Earlier today Google has appealed the judgment of the antitrust fine of the European Commission (EC) [4,3 milliards € (environ 5 milliards $)]. The fine was imposed in July because of the prerequisites to the installation of the Google Play app.
The assertion is that Google attaches apps to Android. The EC considered that the practice of requiring handset manufacturers to pre-install certain Google applications as "an abuse of market position" (related to of tied selling ). On the other hand, Google asserted at the time in a blog that this practice was beneficial to the ecosystem and allowed the company to offer the system. Android operation for free. Google had a period of 90 days to change its relationship with the phone makers or face additional fines.
Google stated that as soon as the fine was imposed, it would appeal the decision.
More choice for the consumer at lower cost. In the call, among other things, Google will argue that its practices offer consumers more choice at lower cost. The EC has alleged that Google's practices adversely affect competitors in many ways and give its own applications an unfair advantage.
Procedurally, the case will be referred to the Second Supreme Court of Europe. This means that there could be another appeal before the highest court, the Court of Justice of the European Union. In the end, solving the problem could take years.
The market initially reacted negatively to the July fine. But when Google announced very good results about five days later, investors simply shrugged off the heaviest antitrust sanction ever imposed by the EC.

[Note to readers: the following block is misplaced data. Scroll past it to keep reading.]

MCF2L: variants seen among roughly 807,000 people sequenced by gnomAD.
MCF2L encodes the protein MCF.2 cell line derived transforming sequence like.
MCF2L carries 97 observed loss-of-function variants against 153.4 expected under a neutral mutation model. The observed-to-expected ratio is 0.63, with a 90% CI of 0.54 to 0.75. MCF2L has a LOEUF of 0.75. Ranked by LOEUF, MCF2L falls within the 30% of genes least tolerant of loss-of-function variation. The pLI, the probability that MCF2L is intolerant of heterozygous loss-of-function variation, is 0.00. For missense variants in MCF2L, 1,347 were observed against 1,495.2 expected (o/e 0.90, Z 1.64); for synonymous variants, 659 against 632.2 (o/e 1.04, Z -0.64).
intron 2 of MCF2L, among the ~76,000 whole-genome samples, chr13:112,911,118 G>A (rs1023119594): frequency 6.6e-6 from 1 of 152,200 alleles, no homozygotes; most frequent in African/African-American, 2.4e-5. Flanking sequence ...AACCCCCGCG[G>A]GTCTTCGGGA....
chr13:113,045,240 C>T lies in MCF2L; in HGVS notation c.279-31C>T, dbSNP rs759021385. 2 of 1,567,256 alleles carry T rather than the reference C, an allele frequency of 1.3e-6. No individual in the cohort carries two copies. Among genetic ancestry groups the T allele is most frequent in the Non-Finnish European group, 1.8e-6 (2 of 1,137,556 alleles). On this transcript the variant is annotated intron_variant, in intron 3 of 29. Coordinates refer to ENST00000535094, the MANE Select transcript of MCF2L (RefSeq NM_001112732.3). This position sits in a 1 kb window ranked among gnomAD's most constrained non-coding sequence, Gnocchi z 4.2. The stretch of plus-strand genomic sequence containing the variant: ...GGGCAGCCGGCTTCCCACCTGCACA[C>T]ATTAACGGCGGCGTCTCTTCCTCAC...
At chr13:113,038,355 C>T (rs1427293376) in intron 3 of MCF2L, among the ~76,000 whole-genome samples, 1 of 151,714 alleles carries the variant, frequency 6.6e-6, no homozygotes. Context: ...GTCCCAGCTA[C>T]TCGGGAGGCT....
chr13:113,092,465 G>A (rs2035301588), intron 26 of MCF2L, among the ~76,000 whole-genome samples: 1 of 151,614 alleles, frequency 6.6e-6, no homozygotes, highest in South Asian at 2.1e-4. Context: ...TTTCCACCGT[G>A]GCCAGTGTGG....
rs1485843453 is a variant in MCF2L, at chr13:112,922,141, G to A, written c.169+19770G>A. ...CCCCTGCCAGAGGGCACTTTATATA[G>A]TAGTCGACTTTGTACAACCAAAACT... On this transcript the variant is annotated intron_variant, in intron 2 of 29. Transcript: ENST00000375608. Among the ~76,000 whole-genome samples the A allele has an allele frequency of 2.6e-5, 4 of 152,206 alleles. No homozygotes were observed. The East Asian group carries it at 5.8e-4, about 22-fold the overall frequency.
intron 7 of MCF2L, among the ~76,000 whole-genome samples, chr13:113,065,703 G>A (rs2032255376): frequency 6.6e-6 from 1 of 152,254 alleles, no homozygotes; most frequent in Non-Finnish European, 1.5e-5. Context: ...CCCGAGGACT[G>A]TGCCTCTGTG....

Why should marketers worry? It remains to be seen whether Google has substantially changed its Android rules in Europe during the call. The EC seeks to impose such changes, which could pave the way for new "default" applications on European handsets in the areas of research, maps, videos, etc. ".
That would be important for the developers, if that materialized. Marketers could be important if, for example, new applications are widely adopted by consumers (maps, research, etc.). But it's pretty speculative. Users would still be free to download Google apps and continue to use them as they are today; there would only remain one more step.
About the author
Greg Sterling is a collaborative editor at Search Engine Land. He writes a personal blog, Screenwerk on the links between digital media and consumer behavior in the real world. He is also vice president of strategy and ideas for the local research association. Follow him on Twitter or find him at the address Google+ .